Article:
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The modern civil rights movement rapidly came to prominence after World War II, coalescing around the demand to repeal Jim Crow laws and promote a vision of a just, multiracial society. The vast majority of civil rights organizations practiced assertive nonviolence to meet these goals. Nevertheless, opponents often met their activism with violence and intimidation.
Like those who marched, protested, and organized for civil rights and social justice, photojournalists put themselves in great danger. The Briscoe Center for American History’s exhibit, Struggle for Justice: Four Decades of Civil Rights Photography, which was displayed on the University of Texas at Austin campus, celebrated the legacy of those photographers. The material walked visitors through much of the civil rights era and provided a lesson both inspiring and challenging: that social progress is possible when one values it above personal comfort and safety. Now in book form, Struggle for Justice honors the photographers who were willing to put their privilege on the line to document the discrimination of others and, by doing so, helped to galvanize public support for the civil rights movement.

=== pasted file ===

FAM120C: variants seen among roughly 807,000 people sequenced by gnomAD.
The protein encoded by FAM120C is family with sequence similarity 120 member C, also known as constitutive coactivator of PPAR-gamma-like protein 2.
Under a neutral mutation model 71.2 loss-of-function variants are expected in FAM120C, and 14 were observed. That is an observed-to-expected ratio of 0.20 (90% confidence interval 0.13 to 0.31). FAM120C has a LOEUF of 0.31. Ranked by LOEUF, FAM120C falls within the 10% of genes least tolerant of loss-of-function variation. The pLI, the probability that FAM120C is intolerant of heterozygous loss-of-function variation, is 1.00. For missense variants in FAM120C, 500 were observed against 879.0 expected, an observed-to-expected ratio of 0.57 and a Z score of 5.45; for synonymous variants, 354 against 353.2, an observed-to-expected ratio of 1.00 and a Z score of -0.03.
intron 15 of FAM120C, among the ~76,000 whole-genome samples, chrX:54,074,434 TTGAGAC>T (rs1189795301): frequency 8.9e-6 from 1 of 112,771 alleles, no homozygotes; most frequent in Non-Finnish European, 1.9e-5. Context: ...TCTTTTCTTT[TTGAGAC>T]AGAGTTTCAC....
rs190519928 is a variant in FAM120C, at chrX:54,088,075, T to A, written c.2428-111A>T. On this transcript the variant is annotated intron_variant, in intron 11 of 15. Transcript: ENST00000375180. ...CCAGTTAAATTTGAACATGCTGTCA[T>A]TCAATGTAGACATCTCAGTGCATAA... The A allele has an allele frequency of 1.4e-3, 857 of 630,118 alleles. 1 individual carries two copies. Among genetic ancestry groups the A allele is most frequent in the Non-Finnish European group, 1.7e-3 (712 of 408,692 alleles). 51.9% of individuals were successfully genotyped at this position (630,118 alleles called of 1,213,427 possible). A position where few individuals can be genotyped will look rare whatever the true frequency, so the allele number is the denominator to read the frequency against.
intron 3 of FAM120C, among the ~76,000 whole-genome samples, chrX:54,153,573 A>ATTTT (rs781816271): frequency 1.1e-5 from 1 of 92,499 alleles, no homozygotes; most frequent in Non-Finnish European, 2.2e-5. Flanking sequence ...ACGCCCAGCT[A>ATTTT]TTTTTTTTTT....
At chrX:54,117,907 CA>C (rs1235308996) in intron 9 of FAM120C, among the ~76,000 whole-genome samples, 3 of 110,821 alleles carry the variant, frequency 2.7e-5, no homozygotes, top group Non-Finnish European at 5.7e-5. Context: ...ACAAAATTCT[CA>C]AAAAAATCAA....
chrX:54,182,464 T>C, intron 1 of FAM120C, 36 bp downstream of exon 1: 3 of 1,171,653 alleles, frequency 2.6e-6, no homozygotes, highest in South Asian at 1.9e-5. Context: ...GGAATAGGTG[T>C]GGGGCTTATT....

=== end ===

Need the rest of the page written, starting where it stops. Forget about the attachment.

Don Carleton is executive director of the Briscoe Center for American History and J. R. Parten Chair in the Archives of American History at the University of Texas at Austin. He is the author of eleven books, including Red Scare, A Breed So Rare, and Conversations with Cronkite. He is also the executive producer of two PBS documentaries: When I Rise (2010) and Cactus Jack: Lone Star on Capitol Hill (2016).